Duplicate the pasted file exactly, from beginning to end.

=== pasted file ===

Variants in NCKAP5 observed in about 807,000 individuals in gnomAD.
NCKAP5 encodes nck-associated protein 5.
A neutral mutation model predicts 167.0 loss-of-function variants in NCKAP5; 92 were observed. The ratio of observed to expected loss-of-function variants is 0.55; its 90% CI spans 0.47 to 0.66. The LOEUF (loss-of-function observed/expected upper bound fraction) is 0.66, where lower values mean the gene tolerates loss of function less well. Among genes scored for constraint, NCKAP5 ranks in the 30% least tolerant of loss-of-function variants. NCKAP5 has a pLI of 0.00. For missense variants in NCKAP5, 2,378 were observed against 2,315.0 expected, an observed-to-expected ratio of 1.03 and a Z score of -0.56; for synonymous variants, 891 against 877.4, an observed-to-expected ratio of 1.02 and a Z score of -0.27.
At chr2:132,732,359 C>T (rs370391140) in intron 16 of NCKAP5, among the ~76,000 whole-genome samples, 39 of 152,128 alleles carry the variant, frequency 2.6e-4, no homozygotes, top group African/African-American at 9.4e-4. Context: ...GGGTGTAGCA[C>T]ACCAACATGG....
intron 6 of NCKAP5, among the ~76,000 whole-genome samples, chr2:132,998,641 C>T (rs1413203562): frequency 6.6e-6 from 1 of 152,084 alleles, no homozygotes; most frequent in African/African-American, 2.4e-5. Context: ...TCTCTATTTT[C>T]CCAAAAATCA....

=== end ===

Variants in NCKAP5 observed in about 807,000 individuals in gnomAD.
NCKAP5 encodes nck-associated protein 5.
A neutral mutation model predicts 167.0 loss-of-function variants in NCKAP5; 92 were observed. The ratio of observed to expected loss-of-function variants is 0.55; its 90% CI spans 0.47 to 0.66. The LOEUF (loss-of-function observed/expected upper bound fraction) is 0.66, where lower values mean the gene tolerates loss of function less well. Among genes scored for constraint, NCKAP5 ranks in the 30% least tolerant of loss-of-function variants. NCKAP5 has a pLI of 0.00. For missense variants in NCKAP5, 2,378 were observed against 2,315.0 expected, an observed-to-expected ratio of 1.03 and a Z score of -0.56; for synonymous variants, 891 against 877.4, an observed-to-expected ratio of 1.02 and a Z score of -0.27.
At chr2:132,732,359 C>T (rs370391140) in intron 16 of NCKAP5, among the ~76,000 whole-genome samples, 39 of 152,128 alleles carry the variant, frequency 2.6e-4, no homozygotes, top group African/African-American at 9.4e-4. Context: ...GGGTGTAGCA[C>T]ACCAACATGG....
intron 6 of NCKAP5, among the ~76,000 whole-genome samples, chr2:132,998,641 C>T (rs1413203562): frequency 6.6e-6 from 1 of 152,084 alleles, no homozygotes; most frequent in African/African-American, 2.4e-5. Context: ...TCTCTATTTT[C>T]CCAAAAATCA....